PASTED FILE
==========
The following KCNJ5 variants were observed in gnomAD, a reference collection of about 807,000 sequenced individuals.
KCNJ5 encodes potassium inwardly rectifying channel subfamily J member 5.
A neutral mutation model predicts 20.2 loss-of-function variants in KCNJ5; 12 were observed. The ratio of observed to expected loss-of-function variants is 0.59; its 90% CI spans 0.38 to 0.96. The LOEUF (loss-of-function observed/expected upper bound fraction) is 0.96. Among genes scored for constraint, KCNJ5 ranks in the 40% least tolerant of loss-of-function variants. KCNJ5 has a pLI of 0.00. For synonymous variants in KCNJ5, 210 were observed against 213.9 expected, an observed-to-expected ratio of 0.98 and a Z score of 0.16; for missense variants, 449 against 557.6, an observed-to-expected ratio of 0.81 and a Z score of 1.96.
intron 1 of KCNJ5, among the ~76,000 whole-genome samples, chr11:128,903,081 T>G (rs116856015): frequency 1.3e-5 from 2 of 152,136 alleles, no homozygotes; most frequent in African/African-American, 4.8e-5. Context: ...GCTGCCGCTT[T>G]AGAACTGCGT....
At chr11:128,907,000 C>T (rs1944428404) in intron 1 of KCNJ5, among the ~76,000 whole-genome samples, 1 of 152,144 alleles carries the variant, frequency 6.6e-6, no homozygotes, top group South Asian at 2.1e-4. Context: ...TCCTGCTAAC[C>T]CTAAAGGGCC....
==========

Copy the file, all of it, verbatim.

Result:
The following KCNJ5 variants were observed in gnomAD, a reference collection of about 807,000 sequenced individuals.
KCNJ5 encodes potassium inwardly rectifying channel subfamily J member 5.
A neutral mutation model predicts 20.2 loss-of-function variants in KCNJ5; 12 were observed. The ratio of observed to expected loss-of-function variants is 0.59; its 90% CI spans 0.38 to 0.96. The LOEUF (loss-of-function observed/expected upper bound fraction) is 0.96. Among genes scored for constraint, KCNJ5 ranks in the 40% least tolerant of loss-of-function variants. KCNJ5 has a pLI of 0.00. For synonymous variants in KCNJ5, 210 were observed against 213.9 expected, an observed-to-expected ratio of 0.98 and a Z score of 0.16; for missense variants, 449 against 557.6, an observed-to-expected ratio of 0.81 and a Z score of 1.96.
intron 1 of KCNJ5, among the ~76,000 whole-genome samples, chr11:128,903,081 T>G (rs116856015): frequency 1.3e-5 from 2 of 152,136 alleles, no homozygotes; most frequent in African/African-American, 4.8e-5. Context: ...GCTGCCGCTT[T>G]AGAACTGCGT....
At chr11:128,907,000 C>T (rs1944428404) in intron 1 of KCNJ5, among the ~76,000 whole-genome samples, 1 of 152,144 alleles carries the variant, frequency 6.6e-6, no homozygotes, top group South Asian at 2.1e-4. Context: ...TCCTGCTAAC[C>T]CTAAAGGGCC....